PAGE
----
According to the tables in our design regulations, the possibilities for nail sizes and lengths in building timber-to-timber connections are almost endless, and engineers may be tempted to just select a diameter and length at random to obtain the specified capacity. Most new timber-to-timber connections are made using a nail gun; thus, regardless of the Engineer’s drawing specifications, the nails actually utilised on the job site will be those that fit in the nail gun. It is reasonable, given the productivity boost and other benefits of nail guns over hand nailing, for us Structural Engineers to ensure that the techniques and fixes we describe are consistent with those actually used on the job site.
Heads of nails:
Flat heads:Generally speaking, the norm. Its exposed head sits on the nail-covered tabletop. Aside from being a formidable hitting surface, the head also provides a firmer grip.
Checkered flat heads:Designed with a gridlike pattern to reduce the possibility of slippage while hammering at an angle.
Countersunk heads:have a conical form that allows them to be hidden under the surface by being countersunk or pushed down. A drywall nail’s cupped head has more rounded edges than a finishing nail’s, which may make the latter seem like a saucer.
Nail points:Nails with blunt tips take more work to drive in, but they are less effective at preventing wood from cracking.
The diamond tips of most common nails are gently rounded off, making them suitable for everyday usage.
Like a needle’s point, a long diamond point may penetrate drywall without cracking the material.
Nails with a blunt tip are often recommended for use in hardwood floors.
Nail shanks:The traditional nail has a brilliant, or smooth, shank, however this has been modified to provide more stability.
Ring shank nails, also known as annular ring nails, feature a series of elevated rings around the shaft that compress wood fibres, making them more difficult to take out of soft and medium-density wood.
The pattern on barbed shanks is made specifically for working with thick timbers.
Spiral shanks are helix-shaped, so twisting them into the wood secures them.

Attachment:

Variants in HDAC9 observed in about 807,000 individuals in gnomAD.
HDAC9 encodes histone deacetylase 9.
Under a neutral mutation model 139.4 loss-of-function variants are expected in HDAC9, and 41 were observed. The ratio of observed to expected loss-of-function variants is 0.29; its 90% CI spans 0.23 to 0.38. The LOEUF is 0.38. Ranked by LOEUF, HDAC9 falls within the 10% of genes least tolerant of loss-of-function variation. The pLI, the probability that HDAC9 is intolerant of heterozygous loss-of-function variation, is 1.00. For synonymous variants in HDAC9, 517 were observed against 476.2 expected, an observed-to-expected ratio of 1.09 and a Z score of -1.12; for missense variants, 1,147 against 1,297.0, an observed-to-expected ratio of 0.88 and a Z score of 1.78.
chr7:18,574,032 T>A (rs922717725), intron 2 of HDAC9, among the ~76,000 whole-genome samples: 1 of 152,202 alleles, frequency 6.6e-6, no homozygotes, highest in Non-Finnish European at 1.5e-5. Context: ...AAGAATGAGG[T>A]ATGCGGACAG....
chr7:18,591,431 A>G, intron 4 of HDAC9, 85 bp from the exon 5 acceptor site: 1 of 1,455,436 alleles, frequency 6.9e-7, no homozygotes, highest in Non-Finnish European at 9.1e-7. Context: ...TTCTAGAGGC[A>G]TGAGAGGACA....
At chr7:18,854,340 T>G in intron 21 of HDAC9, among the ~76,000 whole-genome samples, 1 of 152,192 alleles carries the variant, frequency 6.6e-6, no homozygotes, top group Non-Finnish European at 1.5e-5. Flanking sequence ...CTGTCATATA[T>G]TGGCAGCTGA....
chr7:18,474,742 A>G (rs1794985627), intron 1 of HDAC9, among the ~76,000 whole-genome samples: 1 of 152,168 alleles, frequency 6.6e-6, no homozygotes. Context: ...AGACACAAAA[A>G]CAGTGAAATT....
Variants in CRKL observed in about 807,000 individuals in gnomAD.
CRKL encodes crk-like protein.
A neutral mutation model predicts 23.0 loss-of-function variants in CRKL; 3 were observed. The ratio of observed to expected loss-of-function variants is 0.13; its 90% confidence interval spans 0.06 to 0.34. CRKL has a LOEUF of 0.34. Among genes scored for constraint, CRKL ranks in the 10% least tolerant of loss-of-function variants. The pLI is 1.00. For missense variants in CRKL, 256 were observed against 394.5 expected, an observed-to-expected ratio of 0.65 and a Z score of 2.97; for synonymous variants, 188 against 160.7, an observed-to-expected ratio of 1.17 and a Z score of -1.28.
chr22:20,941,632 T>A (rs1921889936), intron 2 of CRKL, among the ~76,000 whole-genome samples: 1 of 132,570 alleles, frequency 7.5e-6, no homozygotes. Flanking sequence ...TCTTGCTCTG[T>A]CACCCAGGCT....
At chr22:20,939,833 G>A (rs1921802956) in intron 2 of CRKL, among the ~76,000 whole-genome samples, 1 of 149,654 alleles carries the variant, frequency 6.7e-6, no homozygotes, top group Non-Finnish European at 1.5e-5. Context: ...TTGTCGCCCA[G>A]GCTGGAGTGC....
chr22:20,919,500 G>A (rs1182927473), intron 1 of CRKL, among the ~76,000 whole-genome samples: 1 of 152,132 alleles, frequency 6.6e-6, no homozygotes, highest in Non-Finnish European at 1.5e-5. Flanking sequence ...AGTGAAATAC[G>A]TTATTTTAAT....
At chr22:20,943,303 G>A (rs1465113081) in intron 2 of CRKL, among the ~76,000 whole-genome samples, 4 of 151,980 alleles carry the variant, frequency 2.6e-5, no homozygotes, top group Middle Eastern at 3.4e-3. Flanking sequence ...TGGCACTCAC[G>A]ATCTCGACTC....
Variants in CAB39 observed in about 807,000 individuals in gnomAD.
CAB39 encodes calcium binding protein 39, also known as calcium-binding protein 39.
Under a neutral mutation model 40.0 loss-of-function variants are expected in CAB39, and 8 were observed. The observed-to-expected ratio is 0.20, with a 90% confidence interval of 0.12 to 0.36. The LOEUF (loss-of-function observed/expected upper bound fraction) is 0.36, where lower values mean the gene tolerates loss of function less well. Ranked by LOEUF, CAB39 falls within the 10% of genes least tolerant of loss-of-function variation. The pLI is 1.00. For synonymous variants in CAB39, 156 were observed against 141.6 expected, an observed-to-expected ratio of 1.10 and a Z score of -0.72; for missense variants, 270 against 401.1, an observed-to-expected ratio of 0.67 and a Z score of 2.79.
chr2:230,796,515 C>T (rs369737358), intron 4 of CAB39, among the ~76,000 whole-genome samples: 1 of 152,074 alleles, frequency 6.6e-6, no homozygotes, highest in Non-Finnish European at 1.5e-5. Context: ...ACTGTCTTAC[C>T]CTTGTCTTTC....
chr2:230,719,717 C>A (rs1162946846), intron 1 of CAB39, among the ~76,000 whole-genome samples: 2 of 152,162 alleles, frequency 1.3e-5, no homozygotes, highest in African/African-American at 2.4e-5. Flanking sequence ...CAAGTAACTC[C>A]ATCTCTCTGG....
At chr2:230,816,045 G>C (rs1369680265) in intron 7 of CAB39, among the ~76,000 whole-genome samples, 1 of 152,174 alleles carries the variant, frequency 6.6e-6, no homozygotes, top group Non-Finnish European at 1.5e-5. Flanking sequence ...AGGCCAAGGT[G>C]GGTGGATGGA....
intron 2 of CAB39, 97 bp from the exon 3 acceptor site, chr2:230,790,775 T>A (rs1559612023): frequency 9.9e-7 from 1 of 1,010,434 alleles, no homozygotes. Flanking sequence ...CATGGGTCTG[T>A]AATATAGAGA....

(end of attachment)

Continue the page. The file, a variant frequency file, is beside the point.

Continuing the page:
Some masonry nails include fluted or knurled threads to lessen the likelihood of breaking.
Nail coatings:Most nails are not coated, however others have lubricants applied to the shank to make driving easier or strengthening the grip.
Nails may be protected against rust with the use of a technique called galvanization.
Coating anything with cement makes it more stable.
Some nails have a vinyl coating to make them more durable and simpler to drive.
Collated nails:Nails for nail guns come in coils or strips that are kept together with glue, plastic tape, or paper tape.
These strips may be used with many different kinds of nails and are designed to fit into the nail gun’s magazine so that air-powered nailers can quickly drive nails.
Tips For Using Collated Nails
- Drilling a pilot hole before driving a nail into harder woods or the end of a piece of wood will help prevent the wood from splitting.
- Flip the nail over and hit it with the hammer a few times to dull the point. Nails with a blunt tip are more difficult to drive, but they don’t crack wood as easily.
- The wood grain is locked in place by nails pushed through it or perpendicular to it. Drive your nails along the grain for easier removal.
- Use aluminium nails, which are even more resistant to rust than rust-resistant finishes, if you’re worried about rust damaging your nails. In most cases, they will be attached to aluminium siding or screening. To prevent the nails from rusting or breaking when hammered into cedar or redwood, use stainless steel nails. The wood won’t become streaked or stained, either.
- To prevent the wood from splitting as a result of the added stress, avoid driving nails along the same grain line.
- When hammering a nail into masonry, goggles are a must.
- Learning about the different kinds of nails and how they’re used can help you pick the right ones for your project, which could end up saving you time and money. Do you require assistance in determining the nature of a nail? Using The Home Depot Mobile App’s image search, you can locate goods quickly. Simply take a photo of a product you like, and we’ll provide suggestions that are similar.